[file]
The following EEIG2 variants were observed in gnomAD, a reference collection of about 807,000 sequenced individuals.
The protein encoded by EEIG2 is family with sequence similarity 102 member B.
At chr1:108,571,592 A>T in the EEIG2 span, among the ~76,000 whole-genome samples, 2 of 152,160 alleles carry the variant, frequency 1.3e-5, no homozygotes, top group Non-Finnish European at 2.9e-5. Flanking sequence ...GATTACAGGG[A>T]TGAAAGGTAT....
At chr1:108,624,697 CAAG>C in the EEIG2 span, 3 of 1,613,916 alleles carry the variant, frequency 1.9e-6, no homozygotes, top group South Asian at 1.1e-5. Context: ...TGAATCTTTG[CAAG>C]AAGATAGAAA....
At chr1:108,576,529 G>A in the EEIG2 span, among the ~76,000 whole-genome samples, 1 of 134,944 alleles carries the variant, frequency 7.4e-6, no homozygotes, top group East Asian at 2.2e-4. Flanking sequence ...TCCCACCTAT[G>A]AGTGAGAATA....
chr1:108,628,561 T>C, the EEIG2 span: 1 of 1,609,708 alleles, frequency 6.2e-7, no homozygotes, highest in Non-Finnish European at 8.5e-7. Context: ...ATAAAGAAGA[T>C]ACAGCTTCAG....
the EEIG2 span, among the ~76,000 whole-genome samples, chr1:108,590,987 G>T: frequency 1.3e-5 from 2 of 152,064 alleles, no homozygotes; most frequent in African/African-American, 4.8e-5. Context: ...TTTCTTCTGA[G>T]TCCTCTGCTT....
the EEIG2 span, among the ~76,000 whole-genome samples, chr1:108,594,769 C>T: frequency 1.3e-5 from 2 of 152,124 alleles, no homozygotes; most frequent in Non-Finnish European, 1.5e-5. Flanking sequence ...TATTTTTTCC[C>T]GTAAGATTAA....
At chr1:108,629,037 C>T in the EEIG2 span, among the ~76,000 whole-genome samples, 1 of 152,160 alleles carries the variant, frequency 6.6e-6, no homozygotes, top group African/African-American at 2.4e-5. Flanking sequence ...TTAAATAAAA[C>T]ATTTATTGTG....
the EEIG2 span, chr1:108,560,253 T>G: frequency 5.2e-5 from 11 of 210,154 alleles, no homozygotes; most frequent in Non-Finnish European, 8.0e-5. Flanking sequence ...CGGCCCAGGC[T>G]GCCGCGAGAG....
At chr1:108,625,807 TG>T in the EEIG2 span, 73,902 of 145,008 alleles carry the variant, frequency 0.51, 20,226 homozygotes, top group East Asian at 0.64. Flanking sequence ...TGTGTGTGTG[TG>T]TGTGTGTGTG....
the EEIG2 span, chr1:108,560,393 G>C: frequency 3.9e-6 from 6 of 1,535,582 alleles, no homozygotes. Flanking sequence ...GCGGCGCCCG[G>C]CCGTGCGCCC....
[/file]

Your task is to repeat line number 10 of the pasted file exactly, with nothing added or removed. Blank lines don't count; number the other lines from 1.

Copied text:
the EEIG2 span, chr1:108,560,253 T>G: frequency 5.2e-5 from 11 of 210,154 alleles, no homozygotes; most frequent in Non-Finnish European, 8.0e-5. Flanking sequence ...CGGCCCAGGC[T>G]GCCGCGAGAG....